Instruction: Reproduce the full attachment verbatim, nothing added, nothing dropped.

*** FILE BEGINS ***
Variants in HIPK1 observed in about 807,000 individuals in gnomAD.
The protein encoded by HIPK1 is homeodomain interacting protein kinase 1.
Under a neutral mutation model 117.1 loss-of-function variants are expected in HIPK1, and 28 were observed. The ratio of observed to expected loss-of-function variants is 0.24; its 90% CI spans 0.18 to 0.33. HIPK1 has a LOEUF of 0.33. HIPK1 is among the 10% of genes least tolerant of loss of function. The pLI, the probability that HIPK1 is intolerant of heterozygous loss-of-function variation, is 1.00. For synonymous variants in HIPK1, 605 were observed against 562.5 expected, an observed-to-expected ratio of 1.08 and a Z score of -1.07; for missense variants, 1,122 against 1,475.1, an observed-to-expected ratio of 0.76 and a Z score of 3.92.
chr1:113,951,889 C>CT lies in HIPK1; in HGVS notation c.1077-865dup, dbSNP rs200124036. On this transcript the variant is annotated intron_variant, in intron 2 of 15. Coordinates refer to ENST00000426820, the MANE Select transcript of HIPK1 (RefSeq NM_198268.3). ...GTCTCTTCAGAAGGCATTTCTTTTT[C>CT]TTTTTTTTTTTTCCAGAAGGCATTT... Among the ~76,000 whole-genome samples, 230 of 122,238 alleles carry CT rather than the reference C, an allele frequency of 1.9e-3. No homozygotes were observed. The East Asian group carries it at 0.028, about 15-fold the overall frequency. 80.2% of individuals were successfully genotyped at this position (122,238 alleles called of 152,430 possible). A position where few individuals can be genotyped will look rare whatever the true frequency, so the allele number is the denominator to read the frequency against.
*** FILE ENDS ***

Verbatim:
Variants in HIPK1 observed in about 807,000 individuals in gnomAD.
The protein encoded by HIPK1 is homeodomain interacting protein kinase 1.
Under a neutral mutation model 117.1 loss-of-function variants are expected in HIPK1, and 28 were observed. The ratio of observed to expected loss-of-function variants is 0.24; its 90% CI spans 0.18 to 0.33. HIPK1 has a LOEUF of 0.33. HIPK1 is among the 10% of genes least tolerant of loss of function. The pLI, the probability that HIPK1 is intolerant of heterozygous loss-of-function variation, is 1.00. For synonymous variants in HIPK1, 605 were observed against 562.5 expected, an observed-to-expected ratio of 1.08 and a Z score of -1.07; for missense variants, 1,122 against 1,475.1, an observed-to-expected ratio of 0.76 and a Z score of 3.92.
chr1:113,951,889 C>CT lies in HIPK1; in HGVS notation c.1077-865dup, dbSNP rs200124036. On this transcript the variant is annotated intron_variant, in intron 2 of 15. Coordinates refer to ENST00000426820, the MANE Select transcript of HIPK1 (RefSeq NM_198268.3). ...GTCTCTTCAGAAGGCATTTCTTTTT[C>CT]TTTTTTTTTTTTCCAGAAGGCATTT... Among the ~76,000 whole-genome samples, 230 of 122,238 alleles carry CT rather than the reference C, an allele frequency of 1.9e-3. No homozygotes were observed. The East Asian group carries it at 0.028, about 15-fold the overall frequency. 80.2% of individuals were successfully genotyped at this position (122,238 alleles called of 152,430 possible). A position where few individuals can be genotyped will look rare whatever the true frequency, so the allele number is the denominator to read the frequency against.